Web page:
A decrease in your dog’s body temperature is one of the earliest indicators that she’s getting ready to give birth. Temperature measurements are taken rectally with a thermometer to get accurate readings, so a vet or someone with experience in animal labor and delivery should do this. The average body temperature for dogs ranges from 101 to 102.5 degrees Fahrenheit, so if you notice your pup dropping below 100 degrees Fahrenheit, it could mean labor is imminent.
Even though a decrease in body temperature may signal contractions are around the corner, other cues may follow before she gives birth. Therefore, it is vital to keep an eye on your pregnant pet just in case things start happening more quickly than expected!
Another common sign that your beloved pup may soon start delivering is an increase in restlessness. Dogs about to give birth will often become fussy and unable to settle down, pacing around their bed or sleeping area. This can happen anywhere from 12 hours to a full day before labor begins. Pay close attention to identify the onset of these exciting changes and ensure you prepare for your furry family member’s upcoming big day.
They might also show increased interest in nesting, which means looking for a safe spot to deliver their pups. This may involve hiding under beds or blankets or looking for cozy nooks around your home where they feel comfortable and secure.
Enlarged Mammary Glands
While the period up to labor can vary from dog to dog, enlarged mammary glands indicate that birthing is soon to begin. So paying attention to your dog’s changed nipples can give you a heads-up as to when she’s likely going into labor, and you should prepare in case things progress quickly.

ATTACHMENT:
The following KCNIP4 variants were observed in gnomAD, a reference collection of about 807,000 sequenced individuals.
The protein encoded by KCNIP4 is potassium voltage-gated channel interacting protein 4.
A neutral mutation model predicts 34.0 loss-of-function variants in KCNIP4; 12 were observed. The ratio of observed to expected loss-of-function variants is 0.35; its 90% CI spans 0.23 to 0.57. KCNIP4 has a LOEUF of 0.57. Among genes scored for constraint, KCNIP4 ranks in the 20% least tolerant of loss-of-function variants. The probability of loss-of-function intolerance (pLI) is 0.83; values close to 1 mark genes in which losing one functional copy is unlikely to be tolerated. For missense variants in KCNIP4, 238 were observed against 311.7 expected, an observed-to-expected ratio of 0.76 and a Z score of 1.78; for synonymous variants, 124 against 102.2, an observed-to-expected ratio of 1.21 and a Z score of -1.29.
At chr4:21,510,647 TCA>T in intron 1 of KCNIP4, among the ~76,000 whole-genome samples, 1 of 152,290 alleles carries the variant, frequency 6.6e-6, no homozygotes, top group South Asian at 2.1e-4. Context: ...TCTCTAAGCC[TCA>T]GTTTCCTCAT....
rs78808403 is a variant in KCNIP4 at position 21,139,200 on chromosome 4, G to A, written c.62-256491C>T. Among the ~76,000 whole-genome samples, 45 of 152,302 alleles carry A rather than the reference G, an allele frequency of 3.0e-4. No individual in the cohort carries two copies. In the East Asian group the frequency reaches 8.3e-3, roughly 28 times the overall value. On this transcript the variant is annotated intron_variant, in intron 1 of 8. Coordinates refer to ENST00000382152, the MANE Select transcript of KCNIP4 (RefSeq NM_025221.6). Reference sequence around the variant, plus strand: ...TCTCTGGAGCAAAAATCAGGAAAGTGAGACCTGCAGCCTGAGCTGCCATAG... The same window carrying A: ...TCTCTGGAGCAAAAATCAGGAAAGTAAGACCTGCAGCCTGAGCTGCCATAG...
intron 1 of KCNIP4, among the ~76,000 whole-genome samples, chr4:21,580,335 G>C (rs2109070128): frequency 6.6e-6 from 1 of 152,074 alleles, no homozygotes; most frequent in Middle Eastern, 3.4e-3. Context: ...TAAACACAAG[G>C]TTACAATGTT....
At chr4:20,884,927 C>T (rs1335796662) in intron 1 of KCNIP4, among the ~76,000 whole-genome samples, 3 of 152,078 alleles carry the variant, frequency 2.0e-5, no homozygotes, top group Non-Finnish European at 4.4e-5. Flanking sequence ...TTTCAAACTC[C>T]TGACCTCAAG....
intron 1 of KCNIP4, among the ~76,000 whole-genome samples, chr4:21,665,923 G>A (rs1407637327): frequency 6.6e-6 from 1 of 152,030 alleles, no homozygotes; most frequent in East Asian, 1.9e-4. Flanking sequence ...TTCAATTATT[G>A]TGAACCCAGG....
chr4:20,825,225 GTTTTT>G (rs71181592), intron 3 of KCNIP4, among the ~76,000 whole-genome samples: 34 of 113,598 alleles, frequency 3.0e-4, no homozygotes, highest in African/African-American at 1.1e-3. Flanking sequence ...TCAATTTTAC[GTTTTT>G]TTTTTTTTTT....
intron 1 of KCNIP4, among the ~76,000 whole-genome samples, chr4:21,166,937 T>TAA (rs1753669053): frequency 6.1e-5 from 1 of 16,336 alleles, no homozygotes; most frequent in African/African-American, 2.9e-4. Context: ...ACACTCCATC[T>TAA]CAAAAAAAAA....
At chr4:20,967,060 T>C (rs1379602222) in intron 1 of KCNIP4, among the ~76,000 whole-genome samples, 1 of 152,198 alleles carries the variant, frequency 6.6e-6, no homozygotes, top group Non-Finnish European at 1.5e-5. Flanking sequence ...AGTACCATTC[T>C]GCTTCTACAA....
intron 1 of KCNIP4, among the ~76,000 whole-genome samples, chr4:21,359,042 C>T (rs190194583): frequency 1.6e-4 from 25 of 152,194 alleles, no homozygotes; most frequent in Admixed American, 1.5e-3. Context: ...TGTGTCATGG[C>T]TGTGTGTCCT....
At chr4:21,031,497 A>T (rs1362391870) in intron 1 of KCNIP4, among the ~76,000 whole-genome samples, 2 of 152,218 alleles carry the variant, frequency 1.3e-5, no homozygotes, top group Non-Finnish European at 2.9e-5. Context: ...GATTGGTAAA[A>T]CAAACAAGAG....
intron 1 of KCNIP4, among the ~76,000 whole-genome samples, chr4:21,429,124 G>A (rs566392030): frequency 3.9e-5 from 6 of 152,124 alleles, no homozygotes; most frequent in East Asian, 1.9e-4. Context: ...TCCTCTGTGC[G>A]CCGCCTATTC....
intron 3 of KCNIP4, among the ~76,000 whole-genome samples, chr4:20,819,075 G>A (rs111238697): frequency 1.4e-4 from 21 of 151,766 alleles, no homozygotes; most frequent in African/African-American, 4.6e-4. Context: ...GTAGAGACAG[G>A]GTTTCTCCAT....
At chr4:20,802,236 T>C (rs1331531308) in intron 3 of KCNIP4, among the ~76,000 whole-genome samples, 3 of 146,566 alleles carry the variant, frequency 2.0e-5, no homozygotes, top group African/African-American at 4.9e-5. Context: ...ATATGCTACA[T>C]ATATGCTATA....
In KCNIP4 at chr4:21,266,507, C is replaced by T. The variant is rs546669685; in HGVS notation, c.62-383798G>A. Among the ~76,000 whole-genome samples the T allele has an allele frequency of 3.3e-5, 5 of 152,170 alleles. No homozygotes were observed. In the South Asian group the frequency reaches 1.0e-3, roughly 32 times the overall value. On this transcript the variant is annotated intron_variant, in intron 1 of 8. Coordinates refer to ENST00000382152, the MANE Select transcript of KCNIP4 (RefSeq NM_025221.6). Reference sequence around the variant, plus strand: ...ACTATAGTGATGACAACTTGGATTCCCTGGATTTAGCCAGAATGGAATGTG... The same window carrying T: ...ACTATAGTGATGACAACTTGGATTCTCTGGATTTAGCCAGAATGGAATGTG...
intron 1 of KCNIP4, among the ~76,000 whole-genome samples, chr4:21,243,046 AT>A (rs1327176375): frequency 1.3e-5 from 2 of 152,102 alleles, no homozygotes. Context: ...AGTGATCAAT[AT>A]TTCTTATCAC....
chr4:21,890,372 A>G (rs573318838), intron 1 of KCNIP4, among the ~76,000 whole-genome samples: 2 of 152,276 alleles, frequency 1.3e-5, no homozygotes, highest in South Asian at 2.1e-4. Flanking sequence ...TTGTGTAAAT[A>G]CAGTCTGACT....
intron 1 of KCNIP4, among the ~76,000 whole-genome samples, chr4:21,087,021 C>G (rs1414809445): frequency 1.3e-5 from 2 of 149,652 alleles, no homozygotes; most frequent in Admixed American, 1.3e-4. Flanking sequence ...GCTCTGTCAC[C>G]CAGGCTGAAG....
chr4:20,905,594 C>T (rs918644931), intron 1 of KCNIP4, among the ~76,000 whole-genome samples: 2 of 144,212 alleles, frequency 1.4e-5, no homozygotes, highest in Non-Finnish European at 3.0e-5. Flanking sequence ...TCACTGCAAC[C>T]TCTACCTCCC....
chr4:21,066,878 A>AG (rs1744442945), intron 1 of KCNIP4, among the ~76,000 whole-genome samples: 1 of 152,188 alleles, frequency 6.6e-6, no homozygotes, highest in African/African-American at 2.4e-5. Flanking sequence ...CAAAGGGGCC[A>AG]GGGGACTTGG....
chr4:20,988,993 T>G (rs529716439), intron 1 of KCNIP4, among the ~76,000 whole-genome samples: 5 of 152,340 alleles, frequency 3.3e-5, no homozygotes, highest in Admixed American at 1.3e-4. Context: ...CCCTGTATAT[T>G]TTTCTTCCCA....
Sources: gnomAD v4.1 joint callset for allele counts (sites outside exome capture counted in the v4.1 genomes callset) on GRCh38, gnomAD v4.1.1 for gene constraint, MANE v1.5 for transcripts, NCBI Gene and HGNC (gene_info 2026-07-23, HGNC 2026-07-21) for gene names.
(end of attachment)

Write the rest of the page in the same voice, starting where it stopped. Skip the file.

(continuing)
If you notice that she has swollen nipples or if there is a milky substance leaking out of them, this could be a sign that contractions are just around the corner. Be sure to have a warm, comfortable spot available for your dog to deliver her puppies, along with plenty of clean towels and any medications or supplements you might need.
Just before labor begins, your dog may experience vaginal discharge that ranges in color from red to brown or clear. This is a typical sign of impending labor and should not be cause for alarm; however, if you notice any blood or fluid leaking out that appears greenish, foul-smelling, or starts to smell sweet, this could be a sign of infection or other complications. Therefore, you should contact your vet as soon as possible.
However, suppose the discharge is accompanied by strong contractions that last longer than a minute and occur every few minutes. In that case, this could indicate that labor has already begun. At this point, it’s essential to keep your dog calm and comfortable so she can focus on delivering her pups without interruption or stress.
Know The Signs That Your Dog Is Going Into Labor Soon!
If you notice any of the above signs, it may mean that your dog is going into labor soon. And while some are indicators that labor could begin in the next day or so, others may be signs that labor is already in progress. That is why it is a good idea to have the necessary supplies, such as clean towels and a warm, comfortable place for your dog to deliver her puppies, on hand and prepared. Then, with careful monitoring and plenty of love and support, you can help ensure that your dog has a safe and healthy delivery.